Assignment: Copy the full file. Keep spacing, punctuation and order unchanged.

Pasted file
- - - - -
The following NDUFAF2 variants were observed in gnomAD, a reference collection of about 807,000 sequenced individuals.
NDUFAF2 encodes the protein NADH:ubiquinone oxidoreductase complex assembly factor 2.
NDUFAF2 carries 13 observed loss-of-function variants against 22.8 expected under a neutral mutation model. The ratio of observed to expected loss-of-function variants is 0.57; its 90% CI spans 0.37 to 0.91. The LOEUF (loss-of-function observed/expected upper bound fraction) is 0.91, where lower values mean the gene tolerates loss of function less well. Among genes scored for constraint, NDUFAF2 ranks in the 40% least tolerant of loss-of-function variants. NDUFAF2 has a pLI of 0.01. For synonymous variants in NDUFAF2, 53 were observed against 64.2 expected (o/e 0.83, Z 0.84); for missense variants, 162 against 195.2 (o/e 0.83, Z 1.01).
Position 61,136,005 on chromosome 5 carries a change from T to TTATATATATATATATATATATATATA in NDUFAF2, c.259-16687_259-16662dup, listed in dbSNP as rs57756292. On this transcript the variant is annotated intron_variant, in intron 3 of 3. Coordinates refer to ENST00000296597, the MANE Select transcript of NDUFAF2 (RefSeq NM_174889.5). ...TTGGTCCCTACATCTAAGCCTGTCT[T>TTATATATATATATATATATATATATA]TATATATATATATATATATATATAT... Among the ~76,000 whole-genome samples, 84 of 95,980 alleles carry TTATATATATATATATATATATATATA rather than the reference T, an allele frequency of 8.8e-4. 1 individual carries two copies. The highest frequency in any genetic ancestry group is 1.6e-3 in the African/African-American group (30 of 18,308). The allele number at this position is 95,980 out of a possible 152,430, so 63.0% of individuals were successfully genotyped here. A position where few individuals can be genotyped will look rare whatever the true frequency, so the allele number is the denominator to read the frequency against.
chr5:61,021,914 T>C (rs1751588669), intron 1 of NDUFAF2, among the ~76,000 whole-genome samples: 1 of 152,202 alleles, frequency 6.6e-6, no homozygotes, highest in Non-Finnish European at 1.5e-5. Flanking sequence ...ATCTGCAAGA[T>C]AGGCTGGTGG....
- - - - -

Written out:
The following NDUFAF2 variants were observed in gnomAD, a reference collection of about 807,000 sequenced individuals.
NDUFAF2 encodes the protein NADH:ubiquinone oxidoreductase complex assembly factor 2.
NDUFAF2 carries 13 observed loss-of-function variants against 22.8 expected under a neutral mutation model. The ratio of observed to expected loss-of-function variants is 0.57; its 90% CI spans 0.37 to 0.91. The LOEUF (loss-of-function observed/expected upper bound fraction) is 0.91, where lower values mean the gene tolerates loss of function less well. Among genes scored for constraint, NDUFAF2 ranks in the 40% least tolerant of loss-of-function variants. NDUFAF2 has a pLI of 0.01. For synonymous variants in NDUFAF2, 53 were observed against 64.2 expected (o/e 0.83, Z 0.84); for missense variants, 162 against 195.2 (o/e 0.83, Z 1.01).
Position 61,136,005 on chromosome 5 carries a change from T to TTATATATATATATATATATATATATA in NDUFAF2, c.259-16687_259-16662dup, listed in dbSNP as rs57756292. On this transcript the variant is annotated intron_variant, in intron 3 of 3. Coordinates refer to ENST00000296597, the MANE Select transcript of NDUFAF2 (RefSeq NM_174889.5). ...TTGGTCCCTACATCTAAGCCTGTCT[T>TTATATATATATATATATATATATATA]TATATATATATATATATATATATAT... Among the ~76,000 whole-genome samples, 84 of 95,980 alleles carry TTATATATATATATATATATATATATA rather than the reference T, an allele frequency of 8.8e-4. 1 individual carries two copies. The highest frequency in any genetic ancestry group is 1.6e-3 in the African/African-American group (30 of 18,308). The allele number at this position is 95,980 out of a possible 152,430, so 63.0% of individuals were successfully genotyped here. A position where few individuals can be genotyped will look rare whatever the true frequency, so the allele number is the denominator to read the frequency against.
chr5:61,021,914 T>C (rs1751588669), intron 1 of NDUFAF2, among the ~76,000 whole-genome samples: 1 of 152,202 alleles, frequency 6.6e-6, no homozygotes, highest in Non-Finnish European at 1.5e-5. Flanking sequence ...ATCTGCAAGA[T>C]AGGCTGGTGG....